Bookbinding Tutorial: How to Make a Vintage-Style Needle Book

6 July 2022
Bookmark This (8)
ClosePlease login

Sponsored in part by:

Ad description: The words, "The socks you knit won't last forever, but you can make them last for years and years. Shop now." Also featuring the cover image of the Sock Mending Guide.

In this tutorial, we will make a small sewing-needle book in a style that combines features of antique and vintage needle books, using materials commonly found in our homes. Although bookbinding uses a specific set of standard hand tools and equipment, we will substitute alternative, more readily available items whenever possible.

Nineteenth century needle books were made entirely of fabric, often with hand-embroidered covers. Some had no pages and relied on the inside covers to hold needles, while others had several fabric pages. In the twentieth century, needle books were commonly made from a piece of folded card which held a variety of needles and were usually given away as promotional items, like the free calendar giveaways we often receive today.

For our needle book, we’ll be combining the two styles, using cardstock for the cover, and fabric for the pages. The firm cardstock cover helps the needles and pins stay in place, and reduces the risk of you sticking yourself!

Whether this needle book is for you or a gift, it will no doubt have a wonderful life with a hand sewist.

image description: a small cardstock folder, covers folded closed

Leave the cover plain, or decorate it.

image description: a needle book, open on a table; it's made of a cardstock cover and fabric pages, and a few needles and pins are clipped into the pages

Finished Size

7.5 × 10 × 0.5 cm/3 × 4 × 0.25 inches

Tools and Materials

  • Woven fabric scraps: 3 pieces of fabric, each large enough to cut into to a 14 × 10 cm/5.5 × 4 inch piece
    • Note: the fabric pages in the sample are shown with raw edges. If you prefer, you can finish them. Use pinking shears around the edge, or apply Fray Check seam sealant, to keep the straight edges clean. You can also create fully seamed pages by sewing together two larger pieces of fabric.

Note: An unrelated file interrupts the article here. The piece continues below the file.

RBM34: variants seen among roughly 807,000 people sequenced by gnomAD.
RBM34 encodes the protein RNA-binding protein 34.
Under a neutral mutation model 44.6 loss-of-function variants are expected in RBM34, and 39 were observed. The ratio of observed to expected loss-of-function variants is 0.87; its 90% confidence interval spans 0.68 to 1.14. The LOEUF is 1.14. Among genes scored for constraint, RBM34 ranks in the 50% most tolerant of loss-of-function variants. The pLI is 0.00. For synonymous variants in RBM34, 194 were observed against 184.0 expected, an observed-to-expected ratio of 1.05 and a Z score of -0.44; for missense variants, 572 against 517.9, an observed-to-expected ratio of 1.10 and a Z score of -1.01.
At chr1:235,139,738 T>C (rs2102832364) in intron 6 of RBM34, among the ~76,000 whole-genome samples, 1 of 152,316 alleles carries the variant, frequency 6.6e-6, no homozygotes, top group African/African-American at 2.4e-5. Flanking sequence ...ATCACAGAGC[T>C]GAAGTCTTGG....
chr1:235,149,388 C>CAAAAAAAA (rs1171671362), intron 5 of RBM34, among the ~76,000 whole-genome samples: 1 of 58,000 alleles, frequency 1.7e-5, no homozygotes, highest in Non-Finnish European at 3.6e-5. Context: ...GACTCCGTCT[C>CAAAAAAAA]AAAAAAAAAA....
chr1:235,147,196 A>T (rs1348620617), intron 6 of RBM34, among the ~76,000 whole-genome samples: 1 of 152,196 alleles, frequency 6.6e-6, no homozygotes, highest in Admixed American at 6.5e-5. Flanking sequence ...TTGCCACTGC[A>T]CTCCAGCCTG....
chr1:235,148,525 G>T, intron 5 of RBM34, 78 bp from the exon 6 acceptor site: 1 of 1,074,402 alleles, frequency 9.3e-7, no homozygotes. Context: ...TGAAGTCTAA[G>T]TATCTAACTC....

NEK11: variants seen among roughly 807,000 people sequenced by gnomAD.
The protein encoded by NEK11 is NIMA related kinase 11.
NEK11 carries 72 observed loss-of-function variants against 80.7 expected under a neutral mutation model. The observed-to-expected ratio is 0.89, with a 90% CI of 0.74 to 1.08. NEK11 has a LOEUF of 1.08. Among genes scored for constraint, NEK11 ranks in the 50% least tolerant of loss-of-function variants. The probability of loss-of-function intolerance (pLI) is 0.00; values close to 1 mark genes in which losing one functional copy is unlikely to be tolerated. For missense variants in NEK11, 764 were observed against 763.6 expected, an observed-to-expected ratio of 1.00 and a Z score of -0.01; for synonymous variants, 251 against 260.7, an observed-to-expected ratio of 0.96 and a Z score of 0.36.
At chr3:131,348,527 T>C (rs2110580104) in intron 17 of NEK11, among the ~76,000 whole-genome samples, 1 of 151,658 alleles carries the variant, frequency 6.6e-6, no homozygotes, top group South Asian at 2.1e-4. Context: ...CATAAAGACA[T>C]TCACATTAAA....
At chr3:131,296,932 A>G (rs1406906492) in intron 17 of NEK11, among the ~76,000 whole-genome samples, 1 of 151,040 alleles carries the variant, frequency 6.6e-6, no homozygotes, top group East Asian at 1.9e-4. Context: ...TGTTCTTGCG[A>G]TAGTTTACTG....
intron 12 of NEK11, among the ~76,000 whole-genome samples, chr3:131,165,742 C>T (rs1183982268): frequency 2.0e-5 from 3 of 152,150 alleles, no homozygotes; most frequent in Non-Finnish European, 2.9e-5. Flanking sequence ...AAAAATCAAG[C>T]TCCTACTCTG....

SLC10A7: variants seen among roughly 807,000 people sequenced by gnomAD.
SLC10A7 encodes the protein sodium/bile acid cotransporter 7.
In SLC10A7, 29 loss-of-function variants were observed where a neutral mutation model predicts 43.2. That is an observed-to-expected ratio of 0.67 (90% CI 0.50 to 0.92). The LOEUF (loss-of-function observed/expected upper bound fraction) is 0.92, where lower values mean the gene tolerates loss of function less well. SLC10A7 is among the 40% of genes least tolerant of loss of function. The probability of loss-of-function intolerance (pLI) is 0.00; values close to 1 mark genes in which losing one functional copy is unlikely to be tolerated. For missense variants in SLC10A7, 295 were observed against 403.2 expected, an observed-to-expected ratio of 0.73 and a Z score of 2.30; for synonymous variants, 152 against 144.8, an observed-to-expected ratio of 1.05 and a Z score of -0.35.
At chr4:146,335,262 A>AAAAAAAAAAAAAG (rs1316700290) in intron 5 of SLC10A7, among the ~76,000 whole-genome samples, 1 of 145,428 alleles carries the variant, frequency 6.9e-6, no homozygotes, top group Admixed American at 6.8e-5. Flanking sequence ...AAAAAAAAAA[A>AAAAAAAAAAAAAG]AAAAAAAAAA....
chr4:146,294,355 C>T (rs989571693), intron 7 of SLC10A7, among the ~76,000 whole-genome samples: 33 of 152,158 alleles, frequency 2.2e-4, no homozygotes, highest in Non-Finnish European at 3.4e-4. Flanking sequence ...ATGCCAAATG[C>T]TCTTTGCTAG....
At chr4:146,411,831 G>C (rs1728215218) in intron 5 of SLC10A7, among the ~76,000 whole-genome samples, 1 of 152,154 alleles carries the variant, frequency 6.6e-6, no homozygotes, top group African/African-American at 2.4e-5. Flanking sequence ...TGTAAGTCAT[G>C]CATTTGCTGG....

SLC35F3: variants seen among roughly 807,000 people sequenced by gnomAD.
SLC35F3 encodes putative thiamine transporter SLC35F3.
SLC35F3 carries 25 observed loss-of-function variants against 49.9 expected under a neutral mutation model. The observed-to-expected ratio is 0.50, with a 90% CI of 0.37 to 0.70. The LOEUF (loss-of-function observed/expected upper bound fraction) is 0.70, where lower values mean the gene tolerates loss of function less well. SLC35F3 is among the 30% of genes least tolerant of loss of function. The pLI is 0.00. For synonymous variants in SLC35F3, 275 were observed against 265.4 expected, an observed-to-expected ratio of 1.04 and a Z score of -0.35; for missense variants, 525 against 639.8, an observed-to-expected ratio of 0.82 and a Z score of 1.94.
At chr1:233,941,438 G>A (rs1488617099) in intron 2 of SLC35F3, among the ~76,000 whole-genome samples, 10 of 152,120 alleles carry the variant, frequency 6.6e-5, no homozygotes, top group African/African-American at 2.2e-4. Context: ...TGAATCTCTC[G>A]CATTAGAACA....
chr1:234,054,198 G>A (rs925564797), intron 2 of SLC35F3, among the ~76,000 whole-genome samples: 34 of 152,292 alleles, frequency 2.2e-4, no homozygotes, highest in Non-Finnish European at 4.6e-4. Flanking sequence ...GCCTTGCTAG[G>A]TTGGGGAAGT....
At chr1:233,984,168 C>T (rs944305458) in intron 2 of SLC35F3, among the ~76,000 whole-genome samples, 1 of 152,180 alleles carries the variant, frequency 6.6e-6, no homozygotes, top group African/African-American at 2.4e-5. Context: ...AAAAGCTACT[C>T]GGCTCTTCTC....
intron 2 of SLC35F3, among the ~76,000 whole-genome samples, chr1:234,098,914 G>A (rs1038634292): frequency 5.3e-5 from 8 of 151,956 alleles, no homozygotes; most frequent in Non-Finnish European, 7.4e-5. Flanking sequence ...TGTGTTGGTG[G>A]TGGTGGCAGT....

• Drawing or marking tools: pencil, fabric pencil/marker, or tailor’s chalk
  • Cutting tools: scissors, pinking shears, or rotary cutter
  • 1 piece of cardstock large enough to cut out a 20 × 11 cm/8 × 4.25 inch piece (alternatively, fabric with interfacing for stiffness)
  • Thread (linen, floss, machine sewing thread, lace/fingering weight yarn)
  • Ruler
  • Sewing needle
  • Awl (alternatively, sewing needle)
  • Binder clip

All images by Suzan Lee.

Copyright © Suzan Lee except as indicated.
image description: image description: a portrait of an Asian woman with shoulder length hair, wearing glasses; she looks direction into the camera

About Suzan Lee

Suzan Lee is a bookbinding instructor based in Vancouver, Canada. She has been teaching bookbinding and box making for over 10 years. She learned her bookbinding skills at the Center for Book Arts in New York. Her interest in bookbinding started with her fascination with the wide range of materials and techniques involved in binding books. She is a co-founder of the BC Lower Mainland chapter of the Canadian Bookbinders and Book Artists Guild (CBBAG). Through this local chapter, she works with other book artists to help grow the book arts community in the BC Lower Mainland.

Related Posts

Bookbinding Tutorial: How to Make a Coptic-Bound Book

Bookbinding Tutorial: How to Make a Coptic-Bound Book

[For Studio Members] Learn how to make a Coptic-bound book using traditional bookbinding methods, out of materials and tools you already have at home. In this final tutorial in a three-part series, expert bookbinder Suzan Lee provides a detailed tutorial on how to use sewing techniques traditionally used for non-textile craft, with textiles.

Get 10% off!

Join our mailing list to get special Studio Membership pricing! PLUS hear about new Digits & Threads content and community news.

Subscription success! Well done, you.